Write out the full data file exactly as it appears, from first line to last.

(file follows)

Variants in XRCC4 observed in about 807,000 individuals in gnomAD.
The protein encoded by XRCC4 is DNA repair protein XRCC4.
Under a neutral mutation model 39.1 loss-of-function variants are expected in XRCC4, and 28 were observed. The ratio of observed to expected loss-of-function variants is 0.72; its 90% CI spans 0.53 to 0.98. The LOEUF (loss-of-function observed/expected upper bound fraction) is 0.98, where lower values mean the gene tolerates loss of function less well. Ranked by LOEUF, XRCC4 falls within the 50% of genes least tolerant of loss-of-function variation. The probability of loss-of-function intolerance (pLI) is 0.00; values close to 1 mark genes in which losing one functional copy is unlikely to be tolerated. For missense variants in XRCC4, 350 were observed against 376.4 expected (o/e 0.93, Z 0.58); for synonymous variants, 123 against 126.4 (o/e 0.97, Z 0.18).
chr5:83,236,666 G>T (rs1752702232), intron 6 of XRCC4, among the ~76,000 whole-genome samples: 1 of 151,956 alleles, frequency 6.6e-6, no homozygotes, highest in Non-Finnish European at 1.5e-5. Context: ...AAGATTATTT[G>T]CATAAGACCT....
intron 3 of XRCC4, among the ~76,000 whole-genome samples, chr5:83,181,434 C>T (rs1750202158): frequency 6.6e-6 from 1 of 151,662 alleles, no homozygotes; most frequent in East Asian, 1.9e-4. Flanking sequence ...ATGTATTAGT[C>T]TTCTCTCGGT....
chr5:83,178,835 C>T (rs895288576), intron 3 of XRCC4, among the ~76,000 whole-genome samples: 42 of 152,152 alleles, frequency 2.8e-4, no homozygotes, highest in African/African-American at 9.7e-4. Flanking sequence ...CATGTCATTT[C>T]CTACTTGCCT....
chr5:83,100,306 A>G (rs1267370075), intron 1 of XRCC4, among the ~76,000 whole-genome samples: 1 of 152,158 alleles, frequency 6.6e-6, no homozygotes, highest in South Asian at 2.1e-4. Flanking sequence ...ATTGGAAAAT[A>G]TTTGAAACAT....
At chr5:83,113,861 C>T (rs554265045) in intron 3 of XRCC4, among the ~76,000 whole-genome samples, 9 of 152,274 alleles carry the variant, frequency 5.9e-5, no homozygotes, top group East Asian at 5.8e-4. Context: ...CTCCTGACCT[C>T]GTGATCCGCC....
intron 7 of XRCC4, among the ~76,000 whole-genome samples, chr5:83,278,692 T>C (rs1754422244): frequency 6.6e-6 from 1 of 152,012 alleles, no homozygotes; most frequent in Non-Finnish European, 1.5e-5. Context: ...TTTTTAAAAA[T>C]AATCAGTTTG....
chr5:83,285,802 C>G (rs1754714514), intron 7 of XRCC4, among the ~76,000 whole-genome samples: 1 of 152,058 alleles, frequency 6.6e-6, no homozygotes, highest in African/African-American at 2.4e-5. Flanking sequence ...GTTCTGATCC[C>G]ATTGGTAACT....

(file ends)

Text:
Variants in XRCC4 observed in about 807,000 individuals in gnomAD.
The protein encoded by XRCC4 is DNA repair protein XRCC4.
Under a neutral mutation model 39.1 loss-of-function variants are expected in XRCC4, and 28 were observed. The ratio of observed to expected loss-of-function variants is 0.72; its 90% CI spans 0.53 to 0.98. The LOEUF (loss-of-function observed/expected upper bound fraction) is 0.98, where lower values mean the gene tolerates loss of function less well. Ranked by LOEUF, XRCC4 falls within the 50% of genes least tolerant of loss-of-function variation. The probability of loss-of-function intolerance (pLI) is 0.00; values close to 1 mark genes in which losing one functional copy is unlikely to be tolerated. For missense variants in XRCC4, 350 were observed against 376.4 expected (o/e 0.93, Z 0.58); for synonymous variants, 123 against 126.4 (o/e 0.97, Z 0.18).
chr5:83,236,666 G>T (rs1752702232), intron 6 of XRCC4, among the ~76,000 whole-genome samples: 1 of 151,956 alleles, frequency 6.6e-6, no homozygotes, highest in Non-Finnish European at 1.5e-5. Context: ...AAGATTATTT[G>T]CATAAGACCT....
intron 3 of XRCC4, among the ~76,000 whole-genome samples, chr5:83,181,434 C>T (rs1750202158): frequency 6.6e-6 from 1 of 151,662 alleles, no homozygotes; most frequent in East Asian, 1.9e-4. Flanking sequence ...ATGTATTAGT[C>T]TTCTCTCGGT....
chr5:83,178,835 C>T (rs895288576), intron 3 of XRCC4, among the ~76,000 whole-genome samples: 42 of 152,152 alleles, frequency 2.8e-4, no homozygotes, highest in African/African-American at 9.7e-4. Flanking sequence ...CATGTCATTT[C>T]CTACTTGCCT....
chr5:83,100,306 A>G (rs1267370075), intron 1 of XRCC4, among the ~76,000 whole-genome samples: 1 of 152,158 alleles, frequency 6.6e-6, no homozygotes, highest in South Asian at 2.1e-4. Flanking sequence ...ATTGGAAAAT[A>G]TTTGAAACAT....
At chr5:83,113,861 C>T (rs554265045) in intron 3 of XRCC4, among the ~76,000 whole-genome samples, 9 of 152,274 alleles carry the variant, frequency 5.9e-5, no homozygotes, top group East Asian at 5.8e-4. Context: ...CTCCTGACCT[C>T]GTGATCCGCC....
intron 7 of XRCC4, among the ~76,000 whole-genome samples, chr5:83,278,692 T>C (rs1754422244): frequency 6.6e-6 from 1 of 152,012 alleles, no homozygotes; most frequent in Non-Finnish European, 1.5e-5. Context: ...TTTTTAAAAA[T>C]AATCAGTTTG....
chr5:83,285,802 C>G (rs1754714514), intron 7 of XRCC4, among the ~76,000 whole-genome samples: 1 of 152,058 alleles, frequency 6.6e-6, no homozygotes, highest in African/African-American at 2.4e-5. Flanking sequence ...GTTCTGATCC[C>G]ATTGGTAACT....